The popularity of President Gotabaya Rajapaksa has collapsed, especially among women, the poor, urban and Sinhala adults, IHP Sri Lanka Opinion Tracker Survey (SLOTS) revealed.
SLOTS is run by the Institute for Health Policy (IHP) and the lead investigator is Dr. Ravi Rannan-Eliya.
“At the Institute for Health Policy (IHP), we have been tracking favourability of several institutions and political personalities since last year. The past two months has seen substantial declines in favourability of all politicians. This has affected politicians in both government, such as the President or Prime Minister, and opposition politicians, and in opposition, such as Opposition Leader Sajith Premadasa, JVP leader Anura Dissanayake and UNP leader Ranil Wickremasinghe. Also hit is the favourability of politicians who were previously popular, such as former minister, Dr. Sudarshini Fernandopulle, who has consistently remained the most popular politician we track,” he said.
However, the study has shown that the public displeasure is specific to politicians. Favourability of state institutions or other organisations, such as the Ministry of Health, the GMOA, or the armed forces, has remained positive and largely unaffected. These low levels of favourability of politicians may matter, since the willingness of the public to acquiesce in painful, but necessary, actions may depend on how they feel about the political leaders calling on them to sacrifice.
The survey report says that until early 2022, President Gotabaya Rajapaksa’s net favourability rating remained positive, although gradually slipping from the high +50 levels during the August–September 2021 lockdown to the low tens by January 2022.
“This can be contrasted with Opposition Leader Sajith Premadasa, whose net favourability was often negative throughout this period, largely because of high levels of unpopularity amongst better-off Sri Lankans. The President also maintained a higher favourability rating than Prime Minister Mahinda Rajapaksa, other ministers, and other opposition party leaders, although lower than a few ministers, notably Dr. Fernandopulle,” the report said.
Excerpts of the report: “That changed in the last two months: the President’s favourability ratings have cratered. His net favourability fell from +20 during February to below -80 during the first three weeks of April, meaning that for every member of the public who has a favourable opinion about him, there are now nine others who say they have an unfavourable opinion. This decline in favourability has been faster and more substantial than most other politicians. Consequently, during March-April, the President’s favourability rating (-40) fell below those of both Prime Minister Mahinda Rajapaksa (-33) and Opposition Leader Sajith Premadasa (-26).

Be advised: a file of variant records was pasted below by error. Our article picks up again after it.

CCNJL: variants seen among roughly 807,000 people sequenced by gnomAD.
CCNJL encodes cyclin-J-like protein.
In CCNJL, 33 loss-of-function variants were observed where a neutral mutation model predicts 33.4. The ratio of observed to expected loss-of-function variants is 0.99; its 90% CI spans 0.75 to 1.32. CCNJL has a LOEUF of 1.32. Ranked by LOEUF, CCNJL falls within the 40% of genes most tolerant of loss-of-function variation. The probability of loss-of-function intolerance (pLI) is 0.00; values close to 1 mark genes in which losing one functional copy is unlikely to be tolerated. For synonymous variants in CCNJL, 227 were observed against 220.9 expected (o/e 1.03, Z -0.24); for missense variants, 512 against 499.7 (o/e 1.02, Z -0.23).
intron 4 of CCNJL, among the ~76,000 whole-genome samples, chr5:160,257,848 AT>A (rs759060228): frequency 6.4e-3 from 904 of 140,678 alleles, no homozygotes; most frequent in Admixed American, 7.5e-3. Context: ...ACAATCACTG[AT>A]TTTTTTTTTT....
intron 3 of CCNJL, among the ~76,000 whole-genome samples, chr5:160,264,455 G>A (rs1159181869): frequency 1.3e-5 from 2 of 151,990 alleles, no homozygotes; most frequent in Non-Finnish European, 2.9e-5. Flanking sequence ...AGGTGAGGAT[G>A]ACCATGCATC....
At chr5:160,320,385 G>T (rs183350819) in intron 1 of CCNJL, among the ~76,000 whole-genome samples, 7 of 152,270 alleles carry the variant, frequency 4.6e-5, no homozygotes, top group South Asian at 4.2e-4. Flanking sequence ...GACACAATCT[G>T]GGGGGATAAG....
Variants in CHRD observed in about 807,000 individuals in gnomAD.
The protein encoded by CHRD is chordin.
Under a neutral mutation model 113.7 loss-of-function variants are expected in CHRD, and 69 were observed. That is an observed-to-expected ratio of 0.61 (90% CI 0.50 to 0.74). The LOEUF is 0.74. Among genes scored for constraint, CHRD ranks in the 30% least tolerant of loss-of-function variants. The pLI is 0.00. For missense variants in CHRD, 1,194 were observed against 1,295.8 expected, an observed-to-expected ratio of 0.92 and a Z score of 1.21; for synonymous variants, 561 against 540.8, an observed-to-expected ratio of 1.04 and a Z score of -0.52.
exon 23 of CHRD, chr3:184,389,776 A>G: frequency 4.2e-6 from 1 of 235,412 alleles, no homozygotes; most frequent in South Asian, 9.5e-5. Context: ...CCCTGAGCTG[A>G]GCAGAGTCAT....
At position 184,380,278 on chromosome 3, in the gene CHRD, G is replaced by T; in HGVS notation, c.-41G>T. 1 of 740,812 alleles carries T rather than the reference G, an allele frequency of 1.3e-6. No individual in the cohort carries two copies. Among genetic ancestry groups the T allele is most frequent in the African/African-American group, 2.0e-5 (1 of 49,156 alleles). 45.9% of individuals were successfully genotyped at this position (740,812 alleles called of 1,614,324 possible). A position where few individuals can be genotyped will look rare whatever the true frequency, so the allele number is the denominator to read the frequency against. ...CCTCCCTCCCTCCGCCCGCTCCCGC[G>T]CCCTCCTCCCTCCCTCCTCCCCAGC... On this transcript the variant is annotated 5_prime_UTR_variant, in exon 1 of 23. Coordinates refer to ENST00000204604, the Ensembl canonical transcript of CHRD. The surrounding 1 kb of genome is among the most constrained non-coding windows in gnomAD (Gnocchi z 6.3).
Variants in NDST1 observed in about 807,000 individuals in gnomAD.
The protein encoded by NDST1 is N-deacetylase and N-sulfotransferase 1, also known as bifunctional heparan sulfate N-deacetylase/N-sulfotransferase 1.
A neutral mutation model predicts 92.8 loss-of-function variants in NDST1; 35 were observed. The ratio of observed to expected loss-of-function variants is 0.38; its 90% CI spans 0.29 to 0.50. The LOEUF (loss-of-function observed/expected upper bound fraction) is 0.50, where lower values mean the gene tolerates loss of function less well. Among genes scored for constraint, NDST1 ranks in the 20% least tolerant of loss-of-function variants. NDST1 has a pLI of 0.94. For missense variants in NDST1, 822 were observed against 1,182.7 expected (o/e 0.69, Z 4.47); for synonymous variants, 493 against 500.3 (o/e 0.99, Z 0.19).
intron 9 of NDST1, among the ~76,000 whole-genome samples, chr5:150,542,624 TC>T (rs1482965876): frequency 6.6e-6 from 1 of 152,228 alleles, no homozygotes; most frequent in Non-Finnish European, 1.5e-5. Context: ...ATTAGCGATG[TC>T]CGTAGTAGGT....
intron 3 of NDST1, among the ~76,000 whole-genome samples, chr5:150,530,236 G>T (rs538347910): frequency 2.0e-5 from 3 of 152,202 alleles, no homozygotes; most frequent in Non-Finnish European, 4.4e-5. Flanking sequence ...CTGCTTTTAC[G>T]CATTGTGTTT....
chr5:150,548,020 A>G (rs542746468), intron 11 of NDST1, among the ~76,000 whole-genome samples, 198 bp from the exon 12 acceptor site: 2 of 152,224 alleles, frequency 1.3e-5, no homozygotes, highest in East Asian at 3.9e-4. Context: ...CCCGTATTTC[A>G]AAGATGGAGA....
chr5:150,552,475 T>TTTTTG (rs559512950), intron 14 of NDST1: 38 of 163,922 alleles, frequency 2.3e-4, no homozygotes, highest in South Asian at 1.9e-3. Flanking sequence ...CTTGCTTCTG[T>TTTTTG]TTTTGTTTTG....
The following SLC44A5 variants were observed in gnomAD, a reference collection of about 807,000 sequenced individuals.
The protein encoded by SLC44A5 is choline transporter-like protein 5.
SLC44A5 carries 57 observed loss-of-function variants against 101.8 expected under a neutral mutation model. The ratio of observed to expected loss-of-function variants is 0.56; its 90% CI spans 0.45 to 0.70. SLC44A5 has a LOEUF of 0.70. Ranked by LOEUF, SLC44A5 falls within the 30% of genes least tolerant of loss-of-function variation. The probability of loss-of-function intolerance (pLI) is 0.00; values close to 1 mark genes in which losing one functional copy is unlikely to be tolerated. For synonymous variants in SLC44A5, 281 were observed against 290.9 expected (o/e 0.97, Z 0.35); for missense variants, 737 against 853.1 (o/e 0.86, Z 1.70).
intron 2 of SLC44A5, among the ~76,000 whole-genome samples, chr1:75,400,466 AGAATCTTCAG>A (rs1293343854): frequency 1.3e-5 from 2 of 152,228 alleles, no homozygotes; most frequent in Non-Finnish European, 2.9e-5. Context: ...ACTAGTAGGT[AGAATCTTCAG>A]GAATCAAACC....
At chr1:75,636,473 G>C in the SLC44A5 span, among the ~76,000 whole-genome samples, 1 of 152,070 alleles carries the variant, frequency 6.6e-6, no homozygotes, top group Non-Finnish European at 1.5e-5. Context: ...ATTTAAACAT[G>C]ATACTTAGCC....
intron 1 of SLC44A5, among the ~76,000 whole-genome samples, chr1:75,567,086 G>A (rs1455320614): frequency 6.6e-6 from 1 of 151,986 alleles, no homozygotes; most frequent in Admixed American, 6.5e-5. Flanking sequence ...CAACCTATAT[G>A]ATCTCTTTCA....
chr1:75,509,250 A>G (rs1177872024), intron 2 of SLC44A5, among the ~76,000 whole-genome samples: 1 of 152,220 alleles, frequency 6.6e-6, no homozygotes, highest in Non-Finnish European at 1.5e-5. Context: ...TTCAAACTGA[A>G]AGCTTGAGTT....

“Analysis of our data indicates that the most significant declines in the President’s favourability have been amongst women, the poor, urban and Sinhala adults. In the case of women, this has lost him the edge in favourability that he has long enjoyed over Sajith Premadasa. Women view both unfavourably now, but the President more than the Opposition Leader. The only segment of the population where the President has managed to retain his former favourability was the Southern Province, but elsewhere his favourability fell. Interestingly, his colleague, Dr Fernandopulle, former state health minister, not only managed to retain more of her favourability, but our data also indicates a significant gain in favourability amongst government employees. In contrast, Sajith Premadasa’s more modest decline in favourability was more dispersed, although he also suffered a further loss in favourability amongst women, albeit less than the President.
The current economic crisis that the country is now in will require adjustments that are difficult and painful in the short-term. Taxes need to go up and prices will increase for most things. Living standards will fall for most Sri Lankans in the short-term, whether we take action or not to improve our long-term prospects. How the burden of these painful adjustments will be distributed between poor and rich, how these sacrifices are communicated and justified to the public, how social cohesion is maintained, and social unrest is prevented will require effective and determined national leadership to make the correct choices, and to communicate clearly to the public. That is the need of the hour, but the evidence of widespread disillusionment with all politicians makes the challenge even greater. It points to the need for fresh thinking by the political establishment on how to make the correct choices on economic policy, and how to provide the leadership needed to sustain the painful measures that are undoubtedly needed over the coming months and years.”